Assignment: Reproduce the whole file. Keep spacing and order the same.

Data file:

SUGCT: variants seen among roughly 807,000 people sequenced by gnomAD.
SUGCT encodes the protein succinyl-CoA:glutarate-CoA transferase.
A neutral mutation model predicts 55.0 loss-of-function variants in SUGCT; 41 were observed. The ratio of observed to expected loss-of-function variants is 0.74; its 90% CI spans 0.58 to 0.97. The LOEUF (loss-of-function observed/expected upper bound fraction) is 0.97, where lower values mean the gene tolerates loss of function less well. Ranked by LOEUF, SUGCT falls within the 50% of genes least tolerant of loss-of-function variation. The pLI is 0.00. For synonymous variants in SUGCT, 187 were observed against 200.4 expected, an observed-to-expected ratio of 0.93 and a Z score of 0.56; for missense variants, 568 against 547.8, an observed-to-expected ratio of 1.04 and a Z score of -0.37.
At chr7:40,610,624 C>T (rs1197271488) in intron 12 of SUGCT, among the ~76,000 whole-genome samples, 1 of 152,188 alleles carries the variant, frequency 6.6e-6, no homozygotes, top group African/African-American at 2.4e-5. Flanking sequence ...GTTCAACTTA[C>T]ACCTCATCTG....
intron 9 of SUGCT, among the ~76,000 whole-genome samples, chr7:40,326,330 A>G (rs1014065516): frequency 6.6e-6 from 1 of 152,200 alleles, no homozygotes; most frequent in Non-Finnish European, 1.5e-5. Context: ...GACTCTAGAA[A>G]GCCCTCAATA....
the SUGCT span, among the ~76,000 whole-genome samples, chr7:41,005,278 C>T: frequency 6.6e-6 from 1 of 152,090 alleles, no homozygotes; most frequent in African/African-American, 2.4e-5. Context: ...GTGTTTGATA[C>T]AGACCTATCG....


SUGCT: variants seen among roughly 807,000 people sequenced by gnomAD.
SUGCT encodes the protein succinyl-CoA:glutarate-CoA transferase.
A neutral mutation model predicts 55.0 loss-of-function variants in SUGCT; 41 were observed. The ratio of observed to expected loss-of-function variants is 0.74; its 90% CI spans 0.58 to 0.97. The LOEUF (loss-of-function observed/expected upper bound fraction) is 0.97, where lower values mean the gene tolerates loss of function less well. Ranked by LOEUF, SUGCT falls within the 50% of genes least tolerant of loss-of-function variation. The pLI is 0.00. For synonymous variants in SUGCT, 187 were observed against 200.4 expected, an observed-to-expected ratio of 0.93 and a Z score of 0.56; for missense variants, 568 against 547.8, an observed-to-expected ratio of 1.04 and a Z score of -0.37.
At chr7:40,610,624 C>T (rs1197271488) in intron 12 of SUGCT, among the ~76,000 whole-genome samples, 1 of 152,188 alleles carries the variant, frequency 6.6e-6, no homozygotes, top group African/African-American at 2.4e-5. Flanking sequence ...GTTCAACTTA[C>T]ACCTCATCTG....
intron 9 of SUGCT, among the ~76,000 whole-genome samples, chr7:40,326,330 A>G (rs1014065516): frequency 6.6e-6 from 1 of 152,200 alleles, no homozygotes; most frequent in Non-Finnish European, 1.5e-5. Context: ...GACTCTAGAA[A>G]GCCCTCAATA....
the SUGCT span, among the ~76,000 whole-genome samples, chr7:41,005,278 C>T: frequency 6.6e-6 from 1 of 152,090 alleles, no homozygotes; most frequent in African/African-American, 2.4e-5. Context: ...GTGTTTGATA[C>T]AGACCTATCG....